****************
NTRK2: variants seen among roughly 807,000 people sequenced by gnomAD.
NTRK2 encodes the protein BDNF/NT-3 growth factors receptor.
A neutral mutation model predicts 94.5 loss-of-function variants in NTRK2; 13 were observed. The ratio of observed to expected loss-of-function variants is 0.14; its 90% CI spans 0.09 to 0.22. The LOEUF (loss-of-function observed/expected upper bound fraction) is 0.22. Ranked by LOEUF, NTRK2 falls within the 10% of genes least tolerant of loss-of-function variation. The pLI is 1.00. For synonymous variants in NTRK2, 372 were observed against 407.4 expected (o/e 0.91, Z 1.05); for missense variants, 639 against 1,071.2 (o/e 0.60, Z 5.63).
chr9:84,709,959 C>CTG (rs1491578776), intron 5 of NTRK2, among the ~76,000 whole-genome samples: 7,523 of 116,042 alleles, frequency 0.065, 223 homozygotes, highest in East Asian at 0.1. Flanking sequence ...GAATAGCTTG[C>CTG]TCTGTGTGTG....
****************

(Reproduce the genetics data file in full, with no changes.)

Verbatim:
NTRK2: variants seen among roughly 807,000 people sequenced by gnomAD.
NTRK2 encodes the protein BDNF/NT-3 growth factors receptor.
A neutral mutation model predicts 94.5 loss-of-function variants in NTRK2; 13 were observed. The ratio of observed to expected loss-of-function variants is 0.14; its 90% CI spans 0.09 to 0.22. The LOEUF (loss-of-function observed/expected upper bound fraction) is 0.22. Ranked by LOEUF, NTRK2 falls within the 10% of genes least tolerant of loss-of-function variation. The pLI is 1.00. For synonymous variants in NTRK2, 372 were observed against 407.4 expected (o/e 0.91, Z 1.05); for missense variants, 639 against 1,071.2 (o/e 0.60, Z 5.63).
chr9:84,709,959 C>CTG (rs1491578776), intron 5 of NTRK2, among the ~76,000 whole-genome samples: 7,523 of 116,042 alleles, frequency 0.065, 223 homozygotes, highest in East Asian at 0.1. Flanking sequence ...GAATAGCTTG[C>CTG]TCTGTGTGTG....